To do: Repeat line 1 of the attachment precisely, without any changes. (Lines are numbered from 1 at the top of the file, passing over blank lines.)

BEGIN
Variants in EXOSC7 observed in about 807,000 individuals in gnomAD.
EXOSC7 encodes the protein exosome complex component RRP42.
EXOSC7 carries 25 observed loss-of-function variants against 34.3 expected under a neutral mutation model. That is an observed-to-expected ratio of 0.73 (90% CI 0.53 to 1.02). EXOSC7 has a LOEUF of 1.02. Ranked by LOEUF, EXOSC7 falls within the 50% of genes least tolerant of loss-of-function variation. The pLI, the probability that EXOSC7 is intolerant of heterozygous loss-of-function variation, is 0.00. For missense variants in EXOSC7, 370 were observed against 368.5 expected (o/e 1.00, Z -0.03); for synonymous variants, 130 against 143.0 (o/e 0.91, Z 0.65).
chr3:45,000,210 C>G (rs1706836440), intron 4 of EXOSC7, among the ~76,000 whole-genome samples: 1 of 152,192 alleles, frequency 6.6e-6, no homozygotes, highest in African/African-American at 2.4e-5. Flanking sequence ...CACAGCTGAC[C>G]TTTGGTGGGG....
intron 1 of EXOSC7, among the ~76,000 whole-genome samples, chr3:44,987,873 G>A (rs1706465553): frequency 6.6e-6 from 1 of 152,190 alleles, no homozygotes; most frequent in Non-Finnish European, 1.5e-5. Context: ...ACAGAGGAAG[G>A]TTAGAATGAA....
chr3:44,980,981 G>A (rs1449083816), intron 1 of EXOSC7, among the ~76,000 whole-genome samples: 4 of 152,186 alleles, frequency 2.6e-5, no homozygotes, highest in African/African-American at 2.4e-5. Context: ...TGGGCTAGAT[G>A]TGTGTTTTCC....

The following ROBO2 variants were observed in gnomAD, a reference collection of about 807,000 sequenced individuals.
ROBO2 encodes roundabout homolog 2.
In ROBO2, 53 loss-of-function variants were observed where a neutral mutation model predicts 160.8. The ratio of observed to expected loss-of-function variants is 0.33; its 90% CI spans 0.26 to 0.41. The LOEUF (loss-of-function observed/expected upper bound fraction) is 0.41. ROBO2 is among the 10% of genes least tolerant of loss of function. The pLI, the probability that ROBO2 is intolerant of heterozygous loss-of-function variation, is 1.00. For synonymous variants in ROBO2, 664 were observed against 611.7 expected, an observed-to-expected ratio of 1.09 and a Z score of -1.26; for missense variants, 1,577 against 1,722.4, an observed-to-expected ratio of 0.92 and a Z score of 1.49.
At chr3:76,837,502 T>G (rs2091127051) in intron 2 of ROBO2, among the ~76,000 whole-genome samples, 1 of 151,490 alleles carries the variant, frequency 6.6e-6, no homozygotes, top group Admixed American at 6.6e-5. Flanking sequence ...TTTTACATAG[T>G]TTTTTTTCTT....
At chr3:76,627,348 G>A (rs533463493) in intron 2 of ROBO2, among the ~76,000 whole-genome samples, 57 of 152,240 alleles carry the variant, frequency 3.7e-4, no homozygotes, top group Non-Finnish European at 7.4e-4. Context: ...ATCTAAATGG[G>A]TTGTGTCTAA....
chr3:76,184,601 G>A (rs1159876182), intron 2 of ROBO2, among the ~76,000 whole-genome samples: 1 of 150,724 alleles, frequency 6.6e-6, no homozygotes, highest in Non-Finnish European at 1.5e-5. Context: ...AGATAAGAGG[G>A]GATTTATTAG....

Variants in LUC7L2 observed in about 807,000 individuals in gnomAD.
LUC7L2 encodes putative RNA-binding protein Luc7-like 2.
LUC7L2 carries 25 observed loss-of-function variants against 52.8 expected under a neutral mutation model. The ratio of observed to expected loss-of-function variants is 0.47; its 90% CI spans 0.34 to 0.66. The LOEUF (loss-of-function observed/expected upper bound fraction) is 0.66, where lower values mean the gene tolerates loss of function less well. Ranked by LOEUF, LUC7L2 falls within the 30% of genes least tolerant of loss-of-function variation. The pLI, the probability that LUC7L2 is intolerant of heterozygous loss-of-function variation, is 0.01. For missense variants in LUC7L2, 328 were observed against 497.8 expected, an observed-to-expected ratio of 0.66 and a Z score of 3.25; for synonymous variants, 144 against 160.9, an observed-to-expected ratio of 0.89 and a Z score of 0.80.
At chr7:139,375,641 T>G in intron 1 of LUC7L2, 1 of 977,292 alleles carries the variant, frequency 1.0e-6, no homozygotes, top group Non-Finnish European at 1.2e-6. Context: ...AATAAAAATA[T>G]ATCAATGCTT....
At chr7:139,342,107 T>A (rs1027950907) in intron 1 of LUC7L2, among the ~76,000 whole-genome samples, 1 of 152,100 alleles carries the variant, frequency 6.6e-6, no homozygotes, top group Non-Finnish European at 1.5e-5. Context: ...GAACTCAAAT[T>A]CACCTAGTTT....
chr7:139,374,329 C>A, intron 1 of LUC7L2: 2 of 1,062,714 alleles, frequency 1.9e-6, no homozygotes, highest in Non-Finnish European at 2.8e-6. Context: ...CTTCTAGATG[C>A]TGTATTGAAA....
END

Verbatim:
Variants in EXOSC7 observed in about 807,000 individuals in gnomAD.